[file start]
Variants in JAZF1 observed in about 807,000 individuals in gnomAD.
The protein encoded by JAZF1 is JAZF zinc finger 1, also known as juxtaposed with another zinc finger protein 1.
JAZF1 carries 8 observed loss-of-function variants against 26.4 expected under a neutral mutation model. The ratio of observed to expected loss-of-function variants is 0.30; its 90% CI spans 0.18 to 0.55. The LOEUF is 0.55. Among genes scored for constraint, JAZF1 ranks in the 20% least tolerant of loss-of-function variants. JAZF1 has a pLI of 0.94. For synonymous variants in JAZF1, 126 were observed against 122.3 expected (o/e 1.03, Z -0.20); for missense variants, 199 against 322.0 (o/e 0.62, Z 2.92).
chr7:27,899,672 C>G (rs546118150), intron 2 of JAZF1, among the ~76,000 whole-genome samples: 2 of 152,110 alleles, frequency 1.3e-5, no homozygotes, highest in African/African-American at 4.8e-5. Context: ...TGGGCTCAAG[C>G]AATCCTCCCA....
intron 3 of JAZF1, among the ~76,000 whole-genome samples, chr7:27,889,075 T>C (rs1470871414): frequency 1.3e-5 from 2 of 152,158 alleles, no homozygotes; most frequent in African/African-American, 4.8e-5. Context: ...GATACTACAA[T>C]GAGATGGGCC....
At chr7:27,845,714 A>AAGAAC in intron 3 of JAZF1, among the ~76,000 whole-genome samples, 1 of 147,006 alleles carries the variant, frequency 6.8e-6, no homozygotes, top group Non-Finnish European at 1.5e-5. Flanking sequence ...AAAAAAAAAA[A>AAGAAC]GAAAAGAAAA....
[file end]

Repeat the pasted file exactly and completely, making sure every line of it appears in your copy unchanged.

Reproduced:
Variants in JAZF1 observed in about 807,000 individuals in gnomAD.
The protein encoded by JAZF1 is JAZF zinc finger 1, also known as juxtaposed with another zinc finger protein 1.
JAZF1 carries 8 observed loss-of-function variants against 26.4 expected under a neutral mutation model. The ratio of observed to expected loss-of-function variants is 0.30; its 90% CI spans 0.18 to 0.55. The LOEUF is 0.55. Among genes scored for constraint, JAZF1 ranks in the 20% least tolerant of loss-of-function variants. JAZF1 has a pLI of 0.94. For synonymous variants in JAZF1, 126 were observed against 122.3 expected (o/e 1.03, Z -0.20); for missense variants, 199 against 322.0 (o/e 0.62, Z 2.92).
chr7:27,899,672 C>G (rs546118150), intron 2 of JAZF1, among the ~76,000 whole-genome samples: 2 of 152,110 alleles, frequency 1.3e-5, no homozygotes, highest in African/African-American at 4.8e-5. Context: ...TGGGCTCAAG[C>G]AATCCTCCCA....
intron 3 of JAZF1, among the ~76,000 whole-genome samples, chr7:27,889,075 T>C (rs1470871414): frequency 1.3e-5 from 2 of 152,158 alleles, no homozygotes; most frequent in African/African-American, 4.8e-5. Context: ...GATACTACAA[T>C]GAGATGGGCC....
At chr7:27,845,714 A>AAGAAC in intron 3 of JAZF1, among the ~76,000 whole-genome samples, 1 of 147,006 alleles carries the variant, frequency 6.8e-6, no homozygotes, top group Non-Finnish European at 1.5e-5. Flanking sequence ...AAAAAAAAAA[A>AAGAAC]GAAAAGAAAA....